The day before Canada Day, four of us are huddled in a kitchen in Ottawa, Ontario. Three different kinds of Canadian Whiskey are stocked in the freezer, and 2-liter bottles of Canada Dry litter the counter tops. There's Alberta beef on the propane barbecue, and there's already the odd firework going up around us, even though we're still a good 6 hours until Wednesday. In the room, there's somebody from Winnipeg Manitoba, one from Montreal, another from New Brunswick, two clowns from Cape Breton, and this writer, born and raised in the Nation's Capital itself. We could of filled two chesterfields if we needed to.
As the cab convoy pulled up to the venue, we get our first look at LAGO, an uppity-looking bar & grill on the edge of a beautiful waterfront that's been converted to handle throngs of people lookin' to get their dance on. MSTRKRFT have come all the way from Toronto to throw down at the biggest party of the summer not sponsored by the Government of Canada. As we trickled in, DJ Kid SL kept the crowd occupied while the liquor flowed. Many people peaked too early, and we watched on with smiles as their plea's fell on deaf gorilla ears. Two of our own party fell victim to that fate themselves at some point during the night. We're not sure when.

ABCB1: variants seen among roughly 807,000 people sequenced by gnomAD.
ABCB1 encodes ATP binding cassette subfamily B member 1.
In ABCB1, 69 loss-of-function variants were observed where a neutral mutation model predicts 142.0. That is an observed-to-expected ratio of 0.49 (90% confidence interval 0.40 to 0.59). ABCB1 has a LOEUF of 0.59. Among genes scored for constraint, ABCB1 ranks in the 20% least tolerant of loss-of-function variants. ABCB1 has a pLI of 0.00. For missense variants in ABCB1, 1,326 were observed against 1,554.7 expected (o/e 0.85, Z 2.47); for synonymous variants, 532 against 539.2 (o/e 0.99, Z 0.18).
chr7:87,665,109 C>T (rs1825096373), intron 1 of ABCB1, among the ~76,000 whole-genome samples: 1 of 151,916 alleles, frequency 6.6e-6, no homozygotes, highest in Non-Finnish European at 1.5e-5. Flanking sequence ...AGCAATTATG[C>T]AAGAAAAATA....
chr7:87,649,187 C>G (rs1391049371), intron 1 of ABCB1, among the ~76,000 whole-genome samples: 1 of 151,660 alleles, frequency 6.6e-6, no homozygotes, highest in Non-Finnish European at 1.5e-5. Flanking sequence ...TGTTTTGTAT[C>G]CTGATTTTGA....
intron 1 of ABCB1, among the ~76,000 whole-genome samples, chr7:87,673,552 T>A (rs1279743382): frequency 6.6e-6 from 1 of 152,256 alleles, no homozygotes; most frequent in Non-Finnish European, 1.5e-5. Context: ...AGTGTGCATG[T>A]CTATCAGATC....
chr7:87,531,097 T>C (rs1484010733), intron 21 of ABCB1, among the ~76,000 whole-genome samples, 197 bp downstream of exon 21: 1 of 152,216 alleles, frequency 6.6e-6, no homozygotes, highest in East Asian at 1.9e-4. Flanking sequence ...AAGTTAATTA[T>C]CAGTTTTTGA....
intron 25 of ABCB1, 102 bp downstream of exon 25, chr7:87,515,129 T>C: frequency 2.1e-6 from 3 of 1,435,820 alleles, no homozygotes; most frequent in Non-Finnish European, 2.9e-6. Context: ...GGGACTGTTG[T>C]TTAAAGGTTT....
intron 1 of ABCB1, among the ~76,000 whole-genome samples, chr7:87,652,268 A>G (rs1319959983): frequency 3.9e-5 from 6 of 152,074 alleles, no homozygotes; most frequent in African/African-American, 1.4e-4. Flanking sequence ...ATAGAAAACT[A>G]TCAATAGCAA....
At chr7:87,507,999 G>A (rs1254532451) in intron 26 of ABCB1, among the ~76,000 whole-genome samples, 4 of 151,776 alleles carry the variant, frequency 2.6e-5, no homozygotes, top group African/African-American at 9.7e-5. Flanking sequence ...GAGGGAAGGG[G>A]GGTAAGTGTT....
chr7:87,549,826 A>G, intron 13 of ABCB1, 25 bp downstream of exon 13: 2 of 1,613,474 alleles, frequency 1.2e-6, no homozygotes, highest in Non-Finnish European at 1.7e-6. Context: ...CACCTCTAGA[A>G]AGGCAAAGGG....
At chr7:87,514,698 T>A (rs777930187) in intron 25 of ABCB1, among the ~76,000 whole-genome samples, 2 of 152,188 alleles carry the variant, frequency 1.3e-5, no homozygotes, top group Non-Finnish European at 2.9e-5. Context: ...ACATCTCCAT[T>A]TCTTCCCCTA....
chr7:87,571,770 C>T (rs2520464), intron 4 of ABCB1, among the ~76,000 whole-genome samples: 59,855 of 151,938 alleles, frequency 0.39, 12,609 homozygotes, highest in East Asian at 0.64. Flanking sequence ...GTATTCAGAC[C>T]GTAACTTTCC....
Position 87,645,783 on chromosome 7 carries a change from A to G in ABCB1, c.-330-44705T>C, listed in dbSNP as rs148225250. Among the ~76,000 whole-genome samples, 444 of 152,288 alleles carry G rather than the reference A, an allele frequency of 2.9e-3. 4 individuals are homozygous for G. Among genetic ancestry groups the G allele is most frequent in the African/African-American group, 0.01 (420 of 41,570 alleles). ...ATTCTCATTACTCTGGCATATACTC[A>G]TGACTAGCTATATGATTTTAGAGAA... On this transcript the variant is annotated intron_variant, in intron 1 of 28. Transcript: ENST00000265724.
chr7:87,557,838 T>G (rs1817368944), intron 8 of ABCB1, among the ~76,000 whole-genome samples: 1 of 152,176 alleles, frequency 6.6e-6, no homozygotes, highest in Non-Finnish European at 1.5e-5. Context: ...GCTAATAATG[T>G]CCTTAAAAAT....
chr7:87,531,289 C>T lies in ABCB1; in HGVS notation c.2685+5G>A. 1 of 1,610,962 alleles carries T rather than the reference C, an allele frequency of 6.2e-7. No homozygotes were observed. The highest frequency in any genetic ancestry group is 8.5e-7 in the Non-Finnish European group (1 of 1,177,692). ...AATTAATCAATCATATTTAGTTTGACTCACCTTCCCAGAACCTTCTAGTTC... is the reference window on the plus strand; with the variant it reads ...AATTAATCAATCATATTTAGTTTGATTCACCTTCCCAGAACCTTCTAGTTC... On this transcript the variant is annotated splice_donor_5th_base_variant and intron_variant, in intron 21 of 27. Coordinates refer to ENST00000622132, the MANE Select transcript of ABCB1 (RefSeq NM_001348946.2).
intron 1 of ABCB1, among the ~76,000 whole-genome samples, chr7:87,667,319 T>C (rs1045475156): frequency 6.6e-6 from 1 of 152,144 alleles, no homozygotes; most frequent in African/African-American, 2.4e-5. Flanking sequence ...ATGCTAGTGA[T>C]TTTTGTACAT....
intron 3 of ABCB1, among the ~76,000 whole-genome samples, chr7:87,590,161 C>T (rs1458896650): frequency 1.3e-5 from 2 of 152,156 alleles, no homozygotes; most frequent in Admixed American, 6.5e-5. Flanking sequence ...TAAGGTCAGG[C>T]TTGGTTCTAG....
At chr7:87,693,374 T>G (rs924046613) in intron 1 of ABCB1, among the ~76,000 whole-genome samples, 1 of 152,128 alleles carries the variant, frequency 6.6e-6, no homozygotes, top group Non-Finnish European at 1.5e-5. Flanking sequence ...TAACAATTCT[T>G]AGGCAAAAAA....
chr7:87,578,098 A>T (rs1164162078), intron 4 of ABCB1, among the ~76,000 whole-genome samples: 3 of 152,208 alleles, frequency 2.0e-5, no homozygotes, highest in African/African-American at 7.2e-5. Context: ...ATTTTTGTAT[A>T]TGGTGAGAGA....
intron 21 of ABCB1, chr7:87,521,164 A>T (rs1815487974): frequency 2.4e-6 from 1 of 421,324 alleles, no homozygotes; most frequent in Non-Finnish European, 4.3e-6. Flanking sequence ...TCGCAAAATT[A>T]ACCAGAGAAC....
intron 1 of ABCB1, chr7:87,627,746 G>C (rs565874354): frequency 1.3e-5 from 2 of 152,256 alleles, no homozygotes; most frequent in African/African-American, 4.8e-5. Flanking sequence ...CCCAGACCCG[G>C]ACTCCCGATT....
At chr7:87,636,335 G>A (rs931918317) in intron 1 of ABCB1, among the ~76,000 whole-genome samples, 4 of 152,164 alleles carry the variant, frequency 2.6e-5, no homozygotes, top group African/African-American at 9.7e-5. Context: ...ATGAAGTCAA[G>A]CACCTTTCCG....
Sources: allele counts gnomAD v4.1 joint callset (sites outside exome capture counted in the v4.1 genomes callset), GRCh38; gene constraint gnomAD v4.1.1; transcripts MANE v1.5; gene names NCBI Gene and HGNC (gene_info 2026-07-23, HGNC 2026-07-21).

The crowd started chanting for Mas-Ter-Kraft, and the two distinctive heads of Jesse and Al-P pushed through the dry ice and set up shop in front of a bevy of knobs and pads. For the uninitiated, MSTRKFRT and their ilk produce an updated form of electro that goes by a few names, including fidget house and filthy/dirty electro. Music that lives and dies in a live setting by beat drops. The music builds on itself, generally overlaying an increasingly high frequency wave until the beat is filtered out completely. This serves a double purpose, both letting people breathe and to build anticipation for the beat to drop back in. When it does, it's coupled with bowel-moving wobble bass or synth stabs so distorted that they may as well be a bass line.
The crowd behind me pushed in, the bass wobbled, and the lights burst into a neon cavalcade. The masses around me moved to the beat with what room they had, and the floor suddenly became a tribal experience. Almost every song has a similar beginning and end point to facilitate easier mixing. There's something about a heavy 4/4 beat and a gathering of sweaty people that exposes our history as a race.
Eventually, words become irrelevant in describing the experience. Albums and singles shouldn't form an opinion of this updated version of electro -- it needs to be experienced live.